4. Strongly avoid having entries start appearing in the feed in a different order than their publication time suggests. (For example avoid having an item with a published time of 14:00 start appearing in the feed at 14:00 then have an item with the published time of 13:00 start appearing in the feed at 15:00. Some clients will be suspicious that they already know about the 14:00 item but don’t yet know about the “earlier” 13:00 item.) Another way of viewing this is that every new item that appears in a feed should have a published time that is later than all items previously in the feed. Some clients will ignore these “backdated” entries even if the published time is quite recent.
  5. Avoid future publication times. If a publication time is too far in the future many readers will ignore it as a bug.
  6. Update time should be greater than or equal to the publication time. New entries should have these two be the same.
  7. Update time should only change on significant updates. Slight formatting changes or typo fixes probably shouldn’t change the last update time. Most readers ignore the update time, some will resurface your article as “updated”.

Feed Title

The title of your feed is likely used by default in the user’s reader. Many readers have options to override the title, but it is extra work for the user and not universally supported. Try to pick a good title for your feed.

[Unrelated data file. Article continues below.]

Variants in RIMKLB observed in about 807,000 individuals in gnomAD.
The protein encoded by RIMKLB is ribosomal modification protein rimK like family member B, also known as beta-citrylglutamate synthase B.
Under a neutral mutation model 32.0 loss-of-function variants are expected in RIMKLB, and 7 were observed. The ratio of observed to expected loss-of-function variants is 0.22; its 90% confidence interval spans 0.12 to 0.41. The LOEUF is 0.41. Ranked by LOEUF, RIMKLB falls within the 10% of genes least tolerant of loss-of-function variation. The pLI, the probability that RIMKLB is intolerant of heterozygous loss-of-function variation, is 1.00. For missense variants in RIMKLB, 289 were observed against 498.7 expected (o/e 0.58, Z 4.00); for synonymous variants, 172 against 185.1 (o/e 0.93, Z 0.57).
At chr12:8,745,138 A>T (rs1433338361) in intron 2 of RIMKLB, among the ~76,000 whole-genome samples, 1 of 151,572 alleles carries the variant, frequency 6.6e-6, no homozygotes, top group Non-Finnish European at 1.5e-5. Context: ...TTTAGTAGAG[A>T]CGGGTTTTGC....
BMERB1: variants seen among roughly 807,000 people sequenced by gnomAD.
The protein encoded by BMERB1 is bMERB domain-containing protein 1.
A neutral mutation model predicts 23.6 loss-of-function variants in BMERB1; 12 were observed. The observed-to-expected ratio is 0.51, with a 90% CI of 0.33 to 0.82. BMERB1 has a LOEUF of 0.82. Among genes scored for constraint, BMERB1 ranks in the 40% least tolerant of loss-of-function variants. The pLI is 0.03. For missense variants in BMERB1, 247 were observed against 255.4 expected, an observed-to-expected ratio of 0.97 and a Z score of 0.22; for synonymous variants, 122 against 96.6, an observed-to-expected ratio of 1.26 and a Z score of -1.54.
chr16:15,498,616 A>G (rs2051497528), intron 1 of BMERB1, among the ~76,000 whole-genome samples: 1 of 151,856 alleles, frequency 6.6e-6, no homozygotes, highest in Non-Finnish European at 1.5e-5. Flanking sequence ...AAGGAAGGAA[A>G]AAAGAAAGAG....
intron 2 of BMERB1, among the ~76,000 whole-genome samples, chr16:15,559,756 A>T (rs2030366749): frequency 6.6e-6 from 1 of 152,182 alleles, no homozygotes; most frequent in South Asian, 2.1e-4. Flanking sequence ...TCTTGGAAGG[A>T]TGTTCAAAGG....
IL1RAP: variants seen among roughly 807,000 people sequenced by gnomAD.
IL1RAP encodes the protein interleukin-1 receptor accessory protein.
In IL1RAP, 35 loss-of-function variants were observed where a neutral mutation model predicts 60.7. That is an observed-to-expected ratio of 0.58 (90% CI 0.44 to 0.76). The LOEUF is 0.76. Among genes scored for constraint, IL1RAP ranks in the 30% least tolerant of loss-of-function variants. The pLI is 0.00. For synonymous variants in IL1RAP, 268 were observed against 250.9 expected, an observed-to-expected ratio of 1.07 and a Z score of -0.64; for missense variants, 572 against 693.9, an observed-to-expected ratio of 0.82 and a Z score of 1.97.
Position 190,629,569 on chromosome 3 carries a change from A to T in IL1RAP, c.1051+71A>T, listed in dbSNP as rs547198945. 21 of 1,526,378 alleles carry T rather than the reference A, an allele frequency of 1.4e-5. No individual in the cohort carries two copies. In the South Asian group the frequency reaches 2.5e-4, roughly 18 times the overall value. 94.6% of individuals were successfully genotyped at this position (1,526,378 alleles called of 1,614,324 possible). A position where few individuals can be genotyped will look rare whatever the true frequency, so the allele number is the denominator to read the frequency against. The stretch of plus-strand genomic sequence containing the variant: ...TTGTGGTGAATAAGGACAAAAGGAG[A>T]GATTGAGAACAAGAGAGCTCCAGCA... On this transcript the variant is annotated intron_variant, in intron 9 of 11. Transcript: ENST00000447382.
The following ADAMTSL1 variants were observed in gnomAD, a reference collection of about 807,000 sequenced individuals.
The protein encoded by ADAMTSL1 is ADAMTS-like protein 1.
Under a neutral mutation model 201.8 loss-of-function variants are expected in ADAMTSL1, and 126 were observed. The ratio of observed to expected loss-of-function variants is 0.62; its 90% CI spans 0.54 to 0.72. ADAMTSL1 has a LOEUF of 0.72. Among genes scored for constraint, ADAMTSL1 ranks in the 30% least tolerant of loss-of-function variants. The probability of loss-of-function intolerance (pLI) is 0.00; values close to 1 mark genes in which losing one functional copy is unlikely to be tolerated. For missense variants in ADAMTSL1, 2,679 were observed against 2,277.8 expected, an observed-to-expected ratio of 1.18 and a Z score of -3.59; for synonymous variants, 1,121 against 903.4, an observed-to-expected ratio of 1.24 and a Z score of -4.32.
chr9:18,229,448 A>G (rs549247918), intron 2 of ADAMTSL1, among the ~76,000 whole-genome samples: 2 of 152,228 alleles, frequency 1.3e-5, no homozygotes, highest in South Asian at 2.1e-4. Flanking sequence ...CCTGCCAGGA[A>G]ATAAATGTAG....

1. Include context. The title is likely one of many feeds in their reader. For example call it “Kevin Cox’s Blog” rather than “Blog Posts”.
  2. Keep it succinct. The user is already subscribed, no need to advertise more. For example “John Smith” or “John Smith’s Photography Blog”. Not “John Smith — Ramblings on Photography every Tuesday and Friday, Cameras, Film and Development — Exclusive Content”.
  3. Avoid HTML special characters such as < > and &. In RSS it isn’t completely clear if you can include styling like <b> tags in your feed title. Very few readers will parse HTML and will almost always treat the title literally.

You can update your feed title at any time, but it may be confusing to users if it changes too frequently.


Feel free to use CSS in your feed! However, keep in mind that many feed readers don’t use modern browser engines and may be limited in what they can render. Additionally, many feed readers will sanitize your feed so uncommon elements and custom CSS may be partially or completely stripped. But don’t let that stop you! Using HTML and CSS can greatly improve the experience for users with good readers. Consider the following tips: